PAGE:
From the History Teachers at Music for History Lovers
Napoleon looms large in history, his charisma still captures us today. A talented and lucky general, his skill probally extended the wars of the French Revolution for almost 15 years. Wars that ended up being proportionally destructive more to Europe than either WWI or WWII. A number of reforms were made during his reign but they would have happened anyway if not as quickly. Today a symbol of the best of France but in fact a ruthless tyrant.
Hendrik van Loon catches the contrast nicely.
In short, when we study the character of the Emperor, we begin to understand those anxious British mothers who used to drive their children to bed with the threat that “Bonaparte, who ate little boys and girls for breakfast, would come and get them if they were not very good.” And yet, having said these many unpleasant things about this strange tyrant, who looked after every other department of his army with the utmost care, but neglected the medical service, and who ruined his uniforms with Eau de Cologne because he could not stand the smell of his poor sweating soldiers; having said all these unpleasant things and being fully prepared to add many more, I must confess to a certain lurking feeling of doubt.
Here I am sitting at a comfortable table loaded heavily with books, with one eye on my typewriter and the other on Licorice the cat, who has a great fondness for carbon paper, and I am telling you that the Emperor Napoleon was a most contemptible person. But should I happen to look out of the window, down upon Seventh Avenue, and should the endless procession of trucks and carts come to a sudden halt, and should I hear the sound of the heavy drums and see the little man on his white horse in his old and much-worn green uniform, then I don’t know, but I am afraid that I would leave my books and the kitten and my home and everything else to follow him wherever he cared to lead. My own grandfather did this and Heaven knows he was not born to be a hero. Millions of other people’s grandfathers did it. They received no reward, but they expected none. They cheerfully gave legs and arms and lives to serve this foreigner, who took them a thousand miles away from their homes and marched them into a barrage of Russian or English or Spanish or Italian or Austrian cannon and stared quietly into space while they were rolling in the agony of death.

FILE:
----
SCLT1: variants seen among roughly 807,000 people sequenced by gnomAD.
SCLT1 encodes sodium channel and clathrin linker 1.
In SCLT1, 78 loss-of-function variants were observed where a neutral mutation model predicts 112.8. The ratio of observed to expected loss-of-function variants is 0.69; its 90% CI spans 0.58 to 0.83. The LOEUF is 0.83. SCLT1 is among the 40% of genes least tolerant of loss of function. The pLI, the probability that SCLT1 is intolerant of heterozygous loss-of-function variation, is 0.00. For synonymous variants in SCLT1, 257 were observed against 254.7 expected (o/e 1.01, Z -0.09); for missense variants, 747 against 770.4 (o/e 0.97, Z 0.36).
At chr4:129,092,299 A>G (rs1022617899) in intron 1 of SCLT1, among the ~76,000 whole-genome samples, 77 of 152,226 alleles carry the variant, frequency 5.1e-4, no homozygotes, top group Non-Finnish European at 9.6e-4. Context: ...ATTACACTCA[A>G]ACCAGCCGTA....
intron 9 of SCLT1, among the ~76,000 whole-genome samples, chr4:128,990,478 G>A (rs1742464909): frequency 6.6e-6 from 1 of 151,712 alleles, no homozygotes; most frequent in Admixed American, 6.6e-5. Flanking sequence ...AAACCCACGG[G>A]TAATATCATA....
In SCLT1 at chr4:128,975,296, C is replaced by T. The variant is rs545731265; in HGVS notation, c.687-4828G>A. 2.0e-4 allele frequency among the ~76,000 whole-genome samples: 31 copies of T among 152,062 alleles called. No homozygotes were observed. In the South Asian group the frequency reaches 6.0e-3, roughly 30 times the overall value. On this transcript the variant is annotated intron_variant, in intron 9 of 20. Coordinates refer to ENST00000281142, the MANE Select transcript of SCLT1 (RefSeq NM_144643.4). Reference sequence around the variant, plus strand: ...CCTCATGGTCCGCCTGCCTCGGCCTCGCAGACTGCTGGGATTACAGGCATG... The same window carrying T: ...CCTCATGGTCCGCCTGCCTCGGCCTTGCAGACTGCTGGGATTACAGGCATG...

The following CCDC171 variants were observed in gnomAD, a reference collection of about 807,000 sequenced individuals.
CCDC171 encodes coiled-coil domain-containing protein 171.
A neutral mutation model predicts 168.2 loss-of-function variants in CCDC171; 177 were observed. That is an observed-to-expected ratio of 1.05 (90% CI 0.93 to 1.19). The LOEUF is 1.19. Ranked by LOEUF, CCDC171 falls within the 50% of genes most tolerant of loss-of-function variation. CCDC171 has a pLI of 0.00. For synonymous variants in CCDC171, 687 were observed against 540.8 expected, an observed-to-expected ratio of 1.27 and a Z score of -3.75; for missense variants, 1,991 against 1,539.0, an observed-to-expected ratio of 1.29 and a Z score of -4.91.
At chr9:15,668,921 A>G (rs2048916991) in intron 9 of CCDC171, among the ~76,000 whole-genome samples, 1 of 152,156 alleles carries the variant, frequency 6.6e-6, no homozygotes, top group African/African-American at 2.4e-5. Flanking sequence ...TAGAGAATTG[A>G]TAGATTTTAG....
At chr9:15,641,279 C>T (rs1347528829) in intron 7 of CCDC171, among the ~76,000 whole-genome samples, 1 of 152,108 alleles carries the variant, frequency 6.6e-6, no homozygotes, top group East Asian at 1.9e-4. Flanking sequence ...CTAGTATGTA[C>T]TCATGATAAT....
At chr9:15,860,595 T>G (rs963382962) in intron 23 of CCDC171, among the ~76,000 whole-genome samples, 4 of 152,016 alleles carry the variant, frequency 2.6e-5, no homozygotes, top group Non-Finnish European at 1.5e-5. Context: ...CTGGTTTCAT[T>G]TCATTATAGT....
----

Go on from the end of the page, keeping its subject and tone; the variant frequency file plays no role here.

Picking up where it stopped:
. . . I can explain in a few words why he was so successful during the first part of his career and why he failed during the last ten years. From the year 1789 until the year 1804, Napoleon was the great leader of the French revolution. He was not merely fighting for the glory of his own name. He defeated Austria and Italy and England and Russia because he, himself, and his soldiers were the apostles of the new creed of “Liberty, Fraternity and Equality” and were the enemies of the courts while they were the friends of the people.
But in the year 1804, Napoleon made himself Hereditary Emperor of the French . . .
Once upon the throne, the old revolutionary chieftain became an unsuccessful imitation of a Habsburg monarch. He forgot his spiritual Mother, the Political Club of the Jacobins. He ceased to be the defender of the oppressed. He became the chief of all the oppressors and kept his shooting squads ready to execute those who dared to oppose his imperial will.
But if you want an explanation of this strange career, if you really wish to know how one man could possibly rule so many people for so many years by the sheer force of his will, do not read the books that have been written about him. Their authors either hated the Emperor or loved him. You will learn many facts, but it is more important to “feel history" than to know it. Don’t read, but wait until you have a chance to hear a good artist sing the song called “The Two Grenadiers." The words were written by Heine, the great German poet who lived through the Napoleonic era. The music was composed by Schumann, a German who saw the Emperor, the enemy of his country, whenever he came to visit his imperial father-in-law. The song therefore is the work of two men who had every reason to hate the tyrant.
Go and hear it. Then you will understand what a thousand volumes could not possibly tell you.
The Story of Mankind
Hendrik van Loon
Presented by Authorama Public Domain Books, Originally published 1921
HT: Jerry Pournelle
The Two Grenadiers.
Update 7/7/11 changed the title to go better with the videos.
8/23/22 added middle section to quote.